From Jones and Bartlett, a book on Stem Cells from Dr. Ann A. Kiessling and Scott C. Anderson:

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February 1, 2004

Choice Words

Can you really suffer from too many choices? Yes, if one of the choices is psychobabble.

Recent articles by Barry Schwartz, professor of Psychology at Swarthmore College, have propounded a most remarkable argument: that Americans have too many choices, leading them to feel harried and depressed. To encapsulate this interesting theory, a new term has been coined, the "Tyranny of Choice."

Schwartz, whose work has been supported by the NSF, has written two books on the subject. The first, "The Costs of Living: How Market Freedom Erodes the Best Things in Life," was a warning shot over the bow of the ship of commerce. The second, "The Paradox of Choice: Why More is Less" extends the theory into Orwellian doublethink of the first order.

Dr. Schwartz is on a roll, getting ink in the New York Times, USA Today, CNN, the Christian Science Monitor and Parade Magazine, to mention just a few. In all of these, he makes his point that choice is ruining the mental health of the country.

Schwartz cites a study by Sheena Iyengar and Mark Lepper, who studied the buying habits of people in a grocery store. They set up two different tables, one with six jars of jam, and another with thirty. They found that while more people were attracted to the bigger display, fewer people bought anything. Their conclusion? People were simply overwhelmed by the choices. Their message, especially to marketers, is to avoid inundating their customers.

Dr. Schwartz takes this study to mean that we all need fewer choices. In an article for the New York Times, Dr. Schwartz extends this to retirement plans, asserting that fewer options for retirement will make us happier. He seems to assume, given the jam study, that anything over six options will just stress us out. The government, he suggests, would be wise to limit the freedom of choice and relieve Americans of the horrible burden of making up our own minds.

But wait a minute. Before we jam up the government and the capitalist system, let's look a little closer at what the experiment really tells us. How long does the typical person have to linger at a food display in a store? For most of us, I would guess it would be about 5 seconds - the time it takes to grab a cracker with jam on it and get back to the job of shopping. Let's be generous though, and allot a whole minute to the jam table. With six items, you get a leisurely ten seconds per jam, perhaps enough time to sample and learn about the different flavors and make a choice.

But if you find thirty jams on display, you will have only 2 seconds per jam to make your choice. That's simply not enough time, and you instinctively know it, even if you don't do the calculations. So you pass on the whole exercise. Why buy something that you can't research? You might get something you hate.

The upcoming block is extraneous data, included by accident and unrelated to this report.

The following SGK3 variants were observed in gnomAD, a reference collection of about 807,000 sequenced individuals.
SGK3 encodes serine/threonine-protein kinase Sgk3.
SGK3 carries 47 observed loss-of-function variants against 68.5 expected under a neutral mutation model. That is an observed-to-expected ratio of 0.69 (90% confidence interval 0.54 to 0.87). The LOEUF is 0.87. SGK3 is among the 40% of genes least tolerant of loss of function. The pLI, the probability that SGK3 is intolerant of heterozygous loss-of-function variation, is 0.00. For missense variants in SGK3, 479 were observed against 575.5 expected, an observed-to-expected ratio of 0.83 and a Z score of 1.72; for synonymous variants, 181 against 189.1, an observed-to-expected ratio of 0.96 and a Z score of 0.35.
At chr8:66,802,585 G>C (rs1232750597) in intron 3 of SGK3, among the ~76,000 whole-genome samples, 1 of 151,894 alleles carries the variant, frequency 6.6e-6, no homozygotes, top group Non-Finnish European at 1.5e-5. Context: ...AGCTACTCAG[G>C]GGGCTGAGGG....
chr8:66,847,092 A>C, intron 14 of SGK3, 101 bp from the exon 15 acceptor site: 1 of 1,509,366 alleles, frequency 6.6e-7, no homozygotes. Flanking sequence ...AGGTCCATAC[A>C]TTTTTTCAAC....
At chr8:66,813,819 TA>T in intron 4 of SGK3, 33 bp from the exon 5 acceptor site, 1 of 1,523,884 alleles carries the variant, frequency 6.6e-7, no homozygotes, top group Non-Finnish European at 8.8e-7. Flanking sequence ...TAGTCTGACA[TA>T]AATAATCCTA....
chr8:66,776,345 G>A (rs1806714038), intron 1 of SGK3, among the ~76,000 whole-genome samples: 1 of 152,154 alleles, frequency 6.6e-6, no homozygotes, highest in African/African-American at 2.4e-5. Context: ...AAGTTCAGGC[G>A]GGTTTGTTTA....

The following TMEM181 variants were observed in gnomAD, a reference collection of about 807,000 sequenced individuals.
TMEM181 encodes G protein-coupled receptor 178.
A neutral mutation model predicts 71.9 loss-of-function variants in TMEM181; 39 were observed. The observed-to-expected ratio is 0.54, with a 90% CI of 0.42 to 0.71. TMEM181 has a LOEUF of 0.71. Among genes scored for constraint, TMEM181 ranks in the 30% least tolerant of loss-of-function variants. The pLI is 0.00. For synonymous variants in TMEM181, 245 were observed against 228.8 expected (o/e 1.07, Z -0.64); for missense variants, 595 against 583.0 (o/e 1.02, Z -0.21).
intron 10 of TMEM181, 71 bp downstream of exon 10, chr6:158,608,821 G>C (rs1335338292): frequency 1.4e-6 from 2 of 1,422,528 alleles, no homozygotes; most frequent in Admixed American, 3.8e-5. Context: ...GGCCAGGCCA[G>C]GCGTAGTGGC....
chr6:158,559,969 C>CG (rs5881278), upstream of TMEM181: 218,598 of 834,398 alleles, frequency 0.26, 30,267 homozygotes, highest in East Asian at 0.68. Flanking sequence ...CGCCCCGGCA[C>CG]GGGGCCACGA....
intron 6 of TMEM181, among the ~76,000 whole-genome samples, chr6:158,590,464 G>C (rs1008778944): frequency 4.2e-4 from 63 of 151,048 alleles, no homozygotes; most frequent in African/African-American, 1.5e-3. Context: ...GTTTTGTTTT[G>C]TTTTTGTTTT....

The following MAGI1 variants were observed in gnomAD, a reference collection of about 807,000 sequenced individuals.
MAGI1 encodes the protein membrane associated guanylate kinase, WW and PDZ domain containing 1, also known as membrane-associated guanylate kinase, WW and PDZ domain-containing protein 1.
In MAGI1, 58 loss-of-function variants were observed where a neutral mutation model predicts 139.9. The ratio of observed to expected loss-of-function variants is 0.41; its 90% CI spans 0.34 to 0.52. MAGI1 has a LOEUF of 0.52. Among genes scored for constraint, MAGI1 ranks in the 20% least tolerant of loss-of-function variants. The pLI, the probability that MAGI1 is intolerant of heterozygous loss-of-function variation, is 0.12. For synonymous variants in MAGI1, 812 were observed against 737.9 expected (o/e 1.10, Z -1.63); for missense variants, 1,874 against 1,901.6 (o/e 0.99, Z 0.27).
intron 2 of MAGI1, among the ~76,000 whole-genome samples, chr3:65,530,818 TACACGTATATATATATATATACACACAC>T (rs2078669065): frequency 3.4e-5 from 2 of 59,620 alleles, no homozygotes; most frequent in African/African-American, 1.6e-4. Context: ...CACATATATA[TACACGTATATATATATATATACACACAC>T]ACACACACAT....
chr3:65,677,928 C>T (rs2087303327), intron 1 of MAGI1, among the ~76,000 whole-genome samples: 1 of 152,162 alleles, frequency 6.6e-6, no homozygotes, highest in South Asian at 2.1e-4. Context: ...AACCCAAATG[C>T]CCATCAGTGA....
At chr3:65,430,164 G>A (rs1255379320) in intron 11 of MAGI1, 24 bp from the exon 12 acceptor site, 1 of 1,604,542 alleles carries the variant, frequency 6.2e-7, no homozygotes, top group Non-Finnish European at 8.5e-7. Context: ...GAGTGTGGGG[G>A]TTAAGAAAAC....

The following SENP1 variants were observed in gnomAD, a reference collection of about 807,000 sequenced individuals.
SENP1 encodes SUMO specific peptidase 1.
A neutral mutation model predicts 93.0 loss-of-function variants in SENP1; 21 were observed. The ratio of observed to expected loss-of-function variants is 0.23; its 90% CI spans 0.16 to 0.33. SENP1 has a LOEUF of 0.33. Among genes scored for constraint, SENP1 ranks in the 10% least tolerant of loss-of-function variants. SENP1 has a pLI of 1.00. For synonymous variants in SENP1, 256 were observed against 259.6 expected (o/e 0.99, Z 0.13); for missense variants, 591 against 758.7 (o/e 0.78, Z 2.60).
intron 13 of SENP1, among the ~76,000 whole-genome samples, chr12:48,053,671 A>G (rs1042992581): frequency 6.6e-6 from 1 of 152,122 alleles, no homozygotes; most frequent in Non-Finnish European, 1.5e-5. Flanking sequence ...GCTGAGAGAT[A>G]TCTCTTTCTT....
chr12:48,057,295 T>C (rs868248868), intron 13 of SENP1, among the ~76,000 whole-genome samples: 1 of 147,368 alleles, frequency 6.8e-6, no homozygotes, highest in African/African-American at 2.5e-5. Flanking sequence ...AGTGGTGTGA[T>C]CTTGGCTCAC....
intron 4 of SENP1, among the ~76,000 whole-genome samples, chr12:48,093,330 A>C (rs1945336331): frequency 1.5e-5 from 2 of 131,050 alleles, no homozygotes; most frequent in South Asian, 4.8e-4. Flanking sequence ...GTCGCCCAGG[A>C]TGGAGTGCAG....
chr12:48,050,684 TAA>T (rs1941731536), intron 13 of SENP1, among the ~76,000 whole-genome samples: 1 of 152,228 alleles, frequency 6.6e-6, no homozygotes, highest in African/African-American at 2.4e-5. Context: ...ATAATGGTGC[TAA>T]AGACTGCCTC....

Does this research justify Dr. Schwartz's conclusion that we are suffering from a surfeit of choice? Does the jam experiment prove that we can't handle more than a handful of options?

Dr. Edward Deci, professor of Psychology at the University of Rochester, and the author of several studies on choice, says, "The optimal number of options to choose from depends on the situation and the person. When you have more time, more information, and a more important decision, you typically would want to consider more options, and some people always want more than other people do. So, with an important decision about retirement, it is something most people would want to spend time on."

In other words, the main limit on the optimal number of choices depends on its importance to you. If you are a jam connoisseur, thirty selections will not be nearly enough. For the rest of us, blackberry jam is just fine, and preferably the cheap stuff.

Dr. Schwartz's bottom line on capitalism is that it erodes our happiness by providing too many opportunities. Variety, he says, can lead to anxiety, stress and clinical depression. The good doctor would have loved communist Russia, where there was a single brand of state jam, and mercifully few choices. Many people in Russia, however, favored the state vodka as a tonic to mitigate the pain of that bleak, choice-free existence.

Dr. Deci has written about choice and has shown conclusively that choice matters. People who are allowed to make choices are uniformly happier than if someone else makes the decision for them. You only have to look briefly into your soul to find immediate confirmation of this conjecture. That, in fact, is the very bedrock of America and the essence of freedom. To suggest that it contributes to a national malaise, and perhaps is the cause of depression in the country, is wildly off base.

Dr. Deci says, "I am very wary about anyone who wants to take away options from others or limit other people's opportunities for choice. It amazes me that some psychologists are arguing that we should limit human freedom."

But this is America, and when it comes to wacky theories, there are a lot to choose from.

Copyright © 2000-2014 by Scott Anderson
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Here are some other suggested readings on the psychology of choice: